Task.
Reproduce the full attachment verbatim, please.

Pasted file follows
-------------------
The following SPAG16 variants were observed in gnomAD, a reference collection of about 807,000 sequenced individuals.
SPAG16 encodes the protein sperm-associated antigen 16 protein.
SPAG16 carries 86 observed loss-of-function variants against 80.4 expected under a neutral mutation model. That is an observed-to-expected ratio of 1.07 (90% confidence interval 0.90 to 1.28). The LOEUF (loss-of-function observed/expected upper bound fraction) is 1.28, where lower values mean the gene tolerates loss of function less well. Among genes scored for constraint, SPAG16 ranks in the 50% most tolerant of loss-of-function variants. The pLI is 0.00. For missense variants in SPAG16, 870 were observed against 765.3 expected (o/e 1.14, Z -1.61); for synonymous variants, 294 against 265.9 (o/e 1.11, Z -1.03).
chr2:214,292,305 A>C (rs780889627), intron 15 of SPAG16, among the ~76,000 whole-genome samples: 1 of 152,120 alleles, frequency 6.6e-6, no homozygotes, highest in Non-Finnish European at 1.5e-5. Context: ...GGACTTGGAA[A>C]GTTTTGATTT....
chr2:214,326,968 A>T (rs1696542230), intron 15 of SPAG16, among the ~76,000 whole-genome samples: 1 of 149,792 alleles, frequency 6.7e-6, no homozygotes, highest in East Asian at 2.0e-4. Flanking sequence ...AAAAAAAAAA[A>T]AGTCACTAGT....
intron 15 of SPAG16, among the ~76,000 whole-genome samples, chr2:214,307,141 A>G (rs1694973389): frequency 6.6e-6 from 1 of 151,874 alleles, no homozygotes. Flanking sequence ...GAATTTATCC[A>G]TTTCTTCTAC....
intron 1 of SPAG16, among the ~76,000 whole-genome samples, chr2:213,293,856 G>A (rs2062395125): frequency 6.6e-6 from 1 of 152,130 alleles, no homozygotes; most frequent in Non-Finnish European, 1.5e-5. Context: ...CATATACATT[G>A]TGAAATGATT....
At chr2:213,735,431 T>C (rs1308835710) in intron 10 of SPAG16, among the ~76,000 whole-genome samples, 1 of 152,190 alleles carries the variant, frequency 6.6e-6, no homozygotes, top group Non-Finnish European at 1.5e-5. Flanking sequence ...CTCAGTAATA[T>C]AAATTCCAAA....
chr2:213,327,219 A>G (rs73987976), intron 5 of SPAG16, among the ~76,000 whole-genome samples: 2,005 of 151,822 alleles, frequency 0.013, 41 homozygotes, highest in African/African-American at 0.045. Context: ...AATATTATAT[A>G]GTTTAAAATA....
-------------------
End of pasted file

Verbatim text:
The following SPAG16 variants were observed in gnomAD, a reference collection of about 807,000 sequenced individuals.
SPAG16 encodes the protein sperm-associated antigen 16 protein.
SPAG16 carries 86 observed loss-of-function variants against 80.4 expected under a neutral mutation model. That is an observed-to-expected ratio of 1.07 (90% confidence interval 0.90 to 1.28). The LOEUF (loss-of-function observed/expected upper bound fraction) is 1.28, where lower values mean the gene tolerates loss of function less well. Among genes scored for constraint, SPAG16 ranks in the 50% most tolerant of loss-of-function variants. The pLI is 0.00. For missense variants in SPAG16, 870 were observed against 765.3 expected (o/e 1.14, Z -1.61); for synonymous variants, 294 against 265.9 (o/e 1.11, Z -1.03).
chr2:214,292,305 A>C (rs780889627), intron 15 of SPAG16, among the ~76,000 whole-genome samples: 1 of 152,120 alleles, frequency 6.6e-6, no homozygotes, highest in Non-Finnish European at 1.5e-5. Context: ...GGACTTGGAA[A>C]GTTTTGATTT....
chr2:214,326,968 A>T (rs1696542230), intron 15 of SPAG16, among the ~76,000 whole-genome samples: 1 of 149,792 alleles, frequency 6.7e-6, no homozygotes, highest in East Asian at 2.0e-4. Flanking sequence ...AAAAAAAAAA[A>T]AGTCACTAGT....
intron 15 of SPAG16, among the ~76,000 whole-genome samples, chr2:214,307,141 A>G (rs1694973389): frequency 6.6e-6 from 1 of 151,874 alleles, no homozygotes. Flanking sequence ...GAATTTATCC[A>G]TTTCTTCTAC....
intron 1 of SPAG16, among the ~76,000 whole-genome samples, chr2:213,293,856 G>A (rs2062395125): frequency 6.6e-6 from 1 of 152,130 alleles, no homozygotes; most frequent in Non-Finnish European, 1.5e-5. Context: ...CATATACATT[G>A]TGAAATGATT....
At chr2:213,735,431 T>C (rs1308835710) in intron 10 of SPAG16, among the ~76,000 whole-genome samples, 1 of 152,190 alleles carries the variant, frequency 6.6e-6, no homozygotes, top group Non-Finnish European at 1.5e-5. Flanking sequence ...CTCAGTAATA[T>C]AAATTCCAAA....
chr2:213,327,219 A>G (rs73987976), intron 5 of SPAG16, among the ~76,000 whole-genome samples: 2,005 of 151,822 alleles, frequency 0.013, 41 homozygotes, highest in African/African-American at 0.045. Context: ...AATATTATAT[A>G]GTTTAAAATA....